Sarbanes-Oxley author expects increased investment banking ‘oversight’ by Fed and SEC post sub-prime

Paul Sarbanes defends his 2002 act from critics, warning of amnesia.

Investment banks operating in the US will come under increasing supervision by the Federal Reserve and the Securities & Exchange Commission (SEC) following their role in the sub-prime crisis, according to Paul Sarbanes, the former US senator and sponsor of the 2002 Sarbanes-Oxley legislation.
Speaking at the Global Shareholder Activism conference in Paris on May 16, Sarbanes said institutional investors needed to be more active in pressuring investment banks and ratings agencies over the transparency of the investment products they sell. However, he said US regulators would almost certainly step in to hold banks to greater account following what he called “unprecendented” access to capital via the Federal Reserve discount lending window: “There will be an increased role for the Fed and the SEC in investment banking. You can’t get access to the Fed window like in the Bear Sterns/JP Morgan case and not think there will be more oversight in future.” Nonetheless, Sarbanes said he did not believe the sub-prime crisis would provoke US authorities to re-enact the Glass-Steagall act of 1935 – as some have suggested – which separated commercial and investment banking following the Wall Street Crashin 1929 and was repealed in 1999 by President Bill Clinton: “That’s just not going to happen.” Sarbanes, former head of the Senate banking committee, was the co-sponsor of the Sarbanes-Oxley act, which significantly tightened up public company accounting and investor protection in the wake of corporate scandals including Enron, Tyco and WorldCom.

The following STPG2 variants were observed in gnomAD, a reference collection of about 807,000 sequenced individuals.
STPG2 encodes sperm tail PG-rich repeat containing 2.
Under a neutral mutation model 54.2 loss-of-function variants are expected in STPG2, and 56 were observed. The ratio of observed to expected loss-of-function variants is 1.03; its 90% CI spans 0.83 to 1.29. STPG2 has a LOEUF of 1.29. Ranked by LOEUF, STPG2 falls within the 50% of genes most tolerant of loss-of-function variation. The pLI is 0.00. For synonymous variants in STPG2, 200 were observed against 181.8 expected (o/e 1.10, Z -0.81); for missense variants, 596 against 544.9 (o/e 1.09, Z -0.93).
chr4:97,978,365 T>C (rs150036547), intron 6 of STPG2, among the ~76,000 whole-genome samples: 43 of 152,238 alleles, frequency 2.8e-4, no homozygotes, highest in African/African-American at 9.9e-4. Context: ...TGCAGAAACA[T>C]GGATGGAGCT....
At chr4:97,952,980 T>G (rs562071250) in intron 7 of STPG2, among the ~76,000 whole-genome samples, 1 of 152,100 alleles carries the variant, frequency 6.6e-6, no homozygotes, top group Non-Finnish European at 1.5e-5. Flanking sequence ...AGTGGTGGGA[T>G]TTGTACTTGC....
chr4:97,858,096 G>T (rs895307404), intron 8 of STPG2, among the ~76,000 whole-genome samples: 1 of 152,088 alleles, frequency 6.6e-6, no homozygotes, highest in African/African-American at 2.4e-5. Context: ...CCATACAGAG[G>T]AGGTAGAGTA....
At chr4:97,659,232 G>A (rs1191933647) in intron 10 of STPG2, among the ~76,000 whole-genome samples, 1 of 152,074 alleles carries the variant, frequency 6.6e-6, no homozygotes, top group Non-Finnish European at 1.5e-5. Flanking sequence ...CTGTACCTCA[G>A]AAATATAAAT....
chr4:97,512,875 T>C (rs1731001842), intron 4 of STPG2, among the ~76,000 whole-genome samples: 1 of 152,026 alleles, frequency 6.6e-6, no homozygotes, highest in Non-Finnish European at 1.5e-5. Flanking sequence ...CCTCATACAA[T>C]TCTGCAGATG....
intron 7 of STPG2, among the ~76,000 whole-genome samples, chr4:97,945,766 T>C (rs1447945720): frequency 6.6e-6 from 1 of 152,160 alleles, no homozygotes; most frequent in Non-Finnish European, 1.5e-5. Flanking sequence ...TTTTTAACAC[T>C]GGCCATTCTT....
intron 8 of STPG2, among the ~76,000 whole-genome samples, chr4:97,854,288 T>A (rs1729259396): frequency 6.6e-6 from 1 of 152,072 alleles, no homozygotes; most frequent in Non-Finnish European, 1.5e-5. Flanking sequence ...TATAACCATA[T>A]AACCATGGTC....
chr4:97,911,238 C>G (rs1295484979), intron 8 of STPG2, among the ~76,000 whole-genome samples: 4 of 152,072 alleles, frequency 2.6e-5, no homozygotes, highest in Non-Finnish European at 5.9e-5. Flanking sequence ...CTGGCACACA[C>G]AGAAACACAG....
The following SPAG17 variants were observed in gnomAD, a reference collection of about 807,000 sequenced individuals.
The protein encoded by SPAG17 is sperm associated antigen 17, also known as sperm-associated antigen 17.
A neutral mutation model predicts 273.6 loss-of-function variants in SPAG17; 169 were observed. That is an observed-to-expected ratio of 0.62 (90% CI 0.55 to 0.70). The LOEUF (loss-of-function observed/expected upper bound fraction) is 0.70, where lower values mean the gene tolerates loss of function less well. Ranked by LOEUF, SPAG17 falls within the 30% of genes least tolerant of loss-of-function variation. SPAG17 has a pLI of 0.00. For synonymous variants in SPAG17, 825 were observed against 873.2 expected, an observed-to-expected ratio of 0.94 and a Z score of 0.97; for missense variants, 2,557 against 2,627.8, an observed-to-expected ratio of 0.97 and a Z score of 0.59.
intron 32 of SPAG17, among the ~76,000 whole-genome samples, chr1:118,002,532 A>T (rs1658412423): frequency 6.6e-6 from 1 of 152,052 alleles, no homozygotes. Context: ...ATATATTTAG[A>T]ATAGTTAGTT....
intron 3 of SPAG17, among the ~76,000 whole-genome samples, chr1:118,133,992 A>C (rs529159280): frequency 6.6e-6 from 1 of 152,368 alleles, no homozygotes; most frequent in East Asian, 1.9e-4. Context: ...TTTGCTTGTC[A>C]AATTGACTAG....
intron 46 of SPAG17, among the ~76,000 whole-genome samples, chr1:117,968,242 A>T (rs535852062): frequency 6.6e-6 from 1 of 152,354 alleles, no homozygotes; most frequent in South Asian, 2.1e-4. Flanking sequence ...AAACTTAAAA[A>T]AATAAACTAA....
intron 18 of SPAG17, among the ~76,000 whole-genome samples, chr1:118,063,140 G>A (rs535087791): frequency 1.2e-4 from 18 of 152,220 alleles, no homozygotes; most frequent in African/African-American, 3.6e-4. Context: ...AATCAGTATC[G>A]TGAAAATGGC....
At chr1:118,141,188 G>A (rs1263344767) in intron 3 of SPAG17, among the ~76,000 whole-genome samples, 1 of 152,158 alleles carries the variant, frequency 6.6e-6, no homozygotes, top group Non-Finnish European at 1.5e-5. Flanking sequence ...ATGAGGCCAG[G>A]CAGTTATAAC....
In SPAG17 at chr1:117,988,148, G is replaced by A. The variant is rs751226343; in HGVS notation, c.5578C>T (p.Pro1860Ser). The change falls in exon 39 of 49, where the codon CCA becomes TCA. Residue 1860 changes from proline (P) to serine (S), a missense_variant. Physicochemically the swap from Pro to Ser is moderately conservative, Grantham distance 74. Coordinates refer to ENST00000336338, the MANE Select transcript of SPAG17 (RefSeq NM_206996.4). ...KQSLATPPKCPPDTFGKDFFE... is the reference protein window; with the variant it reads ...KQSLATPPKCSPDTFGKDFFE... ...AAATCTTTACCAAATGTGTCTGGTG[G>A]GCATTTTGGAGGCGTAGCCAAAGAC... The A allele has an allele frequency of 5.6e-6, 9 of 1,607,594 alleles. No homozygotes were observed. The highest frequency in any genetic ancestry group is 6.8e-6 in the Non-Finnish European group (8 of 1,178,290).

The act has come under fire from critics in the US who claim implementation is costly and has damaged US competitivity by prompting companies to listing on stock exchanges in other markets, notably in London.
At the conference, Sarbanes defended the act from detractors who, he said blame Sarbanes-Oxley for “all life’s ills”.
He said: “There is a danger that amnesia could make people forget what happened: fraud, people losing their retirement incomes, huge stock market losses, conflicted investment analysts. In short a systemic breakdown. As Paul Volcker, the former chairman of the Federal Reserve and and Arthur Levitt, the former SEC chairman, recently wrote, there is a reason that the upfront costs are this much: for too long too many companies lacked sufficient internal controls.”